Oil and Gas Royalty Income Taxes

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What tax deductions are available to oil and gas royalty owners?  The Federal Income Tax Code provides deductions that encourage exploration, development, and extraction of fuels from domestic oil and gas wells.  These deductions are available because our nation values the contributions made by oil and gas royalty owners to our national economy and energy security.

Most royalty owners are aware that oil and gas mineral royalties are treated as ordinary income and taxed at their marginal (highest) tax rate.  Let’s look at the three major deductions that benefit oil and gas royalty owners.

Percentage Depletion Allowance

Depletion is the using up of a natural resource by drilling, mining, quarrying or felling.  In the case of mineral owners, it is the reduction of reserves as the oil or gas is produced and sold.  The IRS code allows the mineral owner to use the depletion allowance of 15% as a deduction from their taxable income.

In addition to inherited mineral rights, the depletion allowance may also be claimed if you have purchased any interest in minerals and you have a legal right to income from the extraction of the minerals.

15% is subtracted from 100% of gross income from crude oil or natural gas, leaving 85% net taxable royalty income.

Oil and Gas Royalty Income Taxes and Deductions



Annual gross royalty income:   $1,200

Percentage depletion:             X  .15

Deduction amount:                    180

Net taxable royalty income:     $1,020


Bonus and Royalty Deductions

Oil and gas lease bonuses are considered rental income, taxed at the same rate as ordinary income, and reported on a separate Schedule E.  An advantage of filing this Schedule is that you can deduct IRS approved costs you incurred while negotiating the lease, such as legal and professional fees.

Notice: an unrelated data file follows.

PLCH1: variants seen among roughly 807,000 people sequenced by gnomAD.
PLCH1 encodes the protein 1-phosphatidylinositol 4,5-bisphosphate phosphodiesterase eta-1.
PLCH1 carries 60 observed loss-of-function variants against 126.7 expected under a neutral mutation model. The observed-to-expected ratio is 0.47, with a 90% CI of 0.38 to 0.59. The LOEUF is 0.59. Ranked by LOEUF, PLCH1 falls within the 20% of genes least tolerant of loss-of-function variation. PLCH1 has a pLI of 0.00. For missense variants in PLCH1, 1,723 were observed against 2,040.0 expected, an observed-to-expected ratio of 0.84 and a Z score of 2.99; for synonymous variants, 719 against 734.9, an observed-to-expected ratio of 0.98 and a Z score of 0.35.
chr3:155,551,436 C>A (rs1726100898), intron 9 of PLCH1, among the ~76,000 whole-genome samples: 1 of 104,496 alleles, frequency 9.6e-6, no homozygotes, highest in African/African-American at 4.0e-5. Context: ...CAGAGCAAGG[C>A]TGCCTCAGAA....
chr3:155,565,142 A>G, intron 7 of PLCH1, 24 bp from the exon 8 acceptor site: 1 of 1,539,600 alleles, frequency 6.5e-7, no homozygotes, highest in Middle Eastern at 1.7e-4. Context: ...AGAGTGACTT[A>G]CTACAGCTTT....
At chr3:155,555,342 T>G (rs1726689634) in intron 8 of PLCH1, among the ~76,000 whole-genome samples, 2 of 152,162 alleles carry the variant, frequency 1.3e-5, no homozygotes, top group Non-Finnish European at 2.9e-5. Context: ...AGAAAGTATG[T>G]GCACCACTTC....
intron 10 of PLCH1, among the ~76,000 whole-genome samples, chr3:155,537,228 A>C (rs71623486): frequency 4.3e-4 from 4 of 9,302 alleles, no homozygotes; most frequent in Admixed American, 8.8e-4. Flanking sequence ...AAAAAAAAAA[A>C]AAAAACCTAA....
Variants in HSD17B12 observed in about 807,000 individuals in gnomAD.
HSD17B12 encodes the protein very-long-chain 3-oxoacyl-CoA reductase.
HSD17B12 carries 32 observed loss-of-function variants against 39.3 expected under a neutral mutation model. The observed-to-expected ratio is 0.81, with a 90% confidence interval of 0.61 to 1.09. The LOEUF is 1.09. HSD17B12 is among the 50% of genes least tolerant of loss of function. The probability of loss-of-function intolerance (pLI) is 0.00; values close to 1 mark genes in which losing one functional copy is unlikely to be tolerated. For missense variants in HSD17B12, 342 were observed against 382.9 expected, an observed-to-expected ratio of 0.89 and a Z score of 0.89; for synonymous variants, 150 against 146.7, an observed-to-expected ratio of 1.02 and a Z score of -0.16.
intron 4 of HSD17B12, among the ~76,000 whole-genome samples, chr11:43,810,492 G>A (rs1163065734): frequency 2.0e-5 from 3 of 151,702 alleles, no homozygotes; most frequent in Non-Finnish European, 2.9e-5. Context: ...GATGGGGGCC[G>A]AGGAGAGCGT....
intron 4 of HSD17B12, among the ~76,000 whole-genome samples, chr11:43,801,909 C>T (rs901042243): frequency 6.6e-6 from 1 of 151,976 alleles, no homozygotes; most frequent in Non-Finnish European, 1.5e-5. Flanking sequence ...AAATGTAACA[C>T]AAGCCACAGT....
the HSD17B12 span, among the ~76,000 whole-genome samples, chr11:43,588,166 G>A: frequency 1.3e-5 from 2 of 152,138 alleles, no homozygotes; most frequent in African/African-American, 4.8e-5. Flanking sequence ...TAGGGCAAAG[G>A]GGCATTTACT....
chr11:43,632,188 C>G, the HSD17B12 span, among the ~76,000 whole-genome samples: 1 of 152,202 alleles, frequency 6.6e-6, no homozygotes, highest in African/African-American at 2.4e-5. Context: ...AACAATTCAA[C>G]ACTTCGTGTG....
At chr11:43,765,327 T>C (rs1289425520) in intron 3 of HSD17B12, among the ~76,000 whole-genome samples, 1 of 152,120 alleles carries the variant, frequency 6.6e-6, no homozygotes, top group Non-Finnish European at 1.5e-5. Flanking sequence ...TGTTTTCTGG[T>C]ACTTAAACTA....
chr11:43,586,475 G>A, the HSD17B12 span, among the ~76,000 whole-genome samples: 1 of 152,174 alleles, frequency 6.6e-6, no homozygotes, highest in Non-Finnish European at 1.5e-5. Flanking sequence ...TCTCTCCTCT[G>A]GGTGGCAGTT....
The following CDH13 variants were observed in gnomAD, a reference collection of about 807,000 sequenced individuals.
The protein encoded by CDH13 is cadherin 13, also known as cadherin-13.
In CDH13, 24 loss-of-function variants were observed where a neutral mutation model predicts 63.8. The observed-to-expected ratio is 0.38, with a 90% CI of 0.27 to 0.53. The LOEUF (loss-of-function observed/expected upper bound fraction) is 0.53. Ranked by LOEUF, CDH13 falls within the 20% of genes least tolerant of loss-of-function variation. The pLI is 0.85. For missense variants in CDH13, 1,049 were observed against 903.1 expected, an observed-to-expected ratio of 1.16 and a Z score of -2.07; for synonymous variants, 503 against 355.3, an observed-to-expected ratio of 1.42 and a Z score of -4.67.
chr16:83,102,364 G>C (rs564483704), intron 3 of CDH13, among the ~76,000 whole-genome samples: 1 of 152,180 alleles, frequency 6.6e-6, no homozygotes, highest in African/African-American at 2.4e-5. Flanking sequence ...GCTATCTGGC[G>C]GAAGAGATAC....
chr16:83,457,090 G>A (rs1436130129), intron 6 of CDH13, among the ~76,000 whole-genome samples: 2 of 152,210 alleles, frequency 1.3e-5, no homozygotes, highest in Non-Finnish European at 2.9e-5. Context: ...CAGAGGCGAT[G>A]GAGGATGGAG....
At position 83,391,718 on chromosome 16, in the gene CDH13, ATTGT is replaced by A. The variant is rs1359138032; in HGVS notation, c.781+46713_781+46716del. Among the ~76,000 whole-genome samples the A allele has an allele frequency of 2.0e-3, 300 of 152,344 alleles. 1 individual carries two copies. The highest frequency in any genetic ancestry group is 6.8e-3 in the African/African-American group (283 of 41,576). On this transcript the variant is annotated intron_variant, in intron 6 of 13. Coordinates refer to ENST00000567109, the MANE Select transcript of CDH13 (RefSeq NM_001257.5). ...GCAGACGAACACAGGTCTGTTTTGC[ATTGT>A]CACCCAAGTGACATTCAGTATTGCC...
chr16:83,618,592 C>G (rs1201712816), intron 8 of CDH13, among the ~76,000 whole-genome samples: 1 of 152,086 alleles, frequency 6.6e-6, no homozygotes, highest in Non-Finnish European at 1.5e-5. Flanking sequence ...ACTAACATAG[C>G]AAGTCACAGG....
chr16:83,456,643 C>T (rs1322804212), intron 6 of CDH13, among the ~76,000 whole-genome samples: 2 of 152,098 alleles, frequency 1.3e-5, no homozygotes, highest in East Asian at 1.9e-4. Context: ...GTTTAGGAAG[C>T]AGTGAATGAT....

Oil and gas royalty income deductions are also available.  All royalty owners pay a share of severance taxes, which are state taxes on production.  Under the terms of many oil and gas leases, royalty owners pay a percentage of transportation, compression, processing, and marketing costs to get their oil and gas produced and sold. By adding up all these taxes and fees on your royalty checks for the year, you can deduct them on your Schedule E.

Working Interest Deductions

There are also deductions available for oil companies and investors in oil wells. A working interest owner has an interest in oil or gas that includes responsibility for all drilling, developing, and operating costs.  Producing and operating companies are working interest owners.  Royalty owners are not responsible for any drilling and operating costs.

However, some mineral owners decide to take the risk to develop their own minerals and become both royalty and working interest owners.  The tax code specifically excepts working interest in an oil and gas well and states that it is not a passive activity.  If you invest in oil and gas wells you may deduct any losses created by those wells from your active income generated by stock trades, business income and salaries.


Mineral owners are allowed tax relief by the IRS for producing and depleting nonrenewable resources such as oil and gas.  By using the percentage depletion allowance and deductions available for bonus and royalty income, royalty owners get to keep more of their oil and gas royalty income.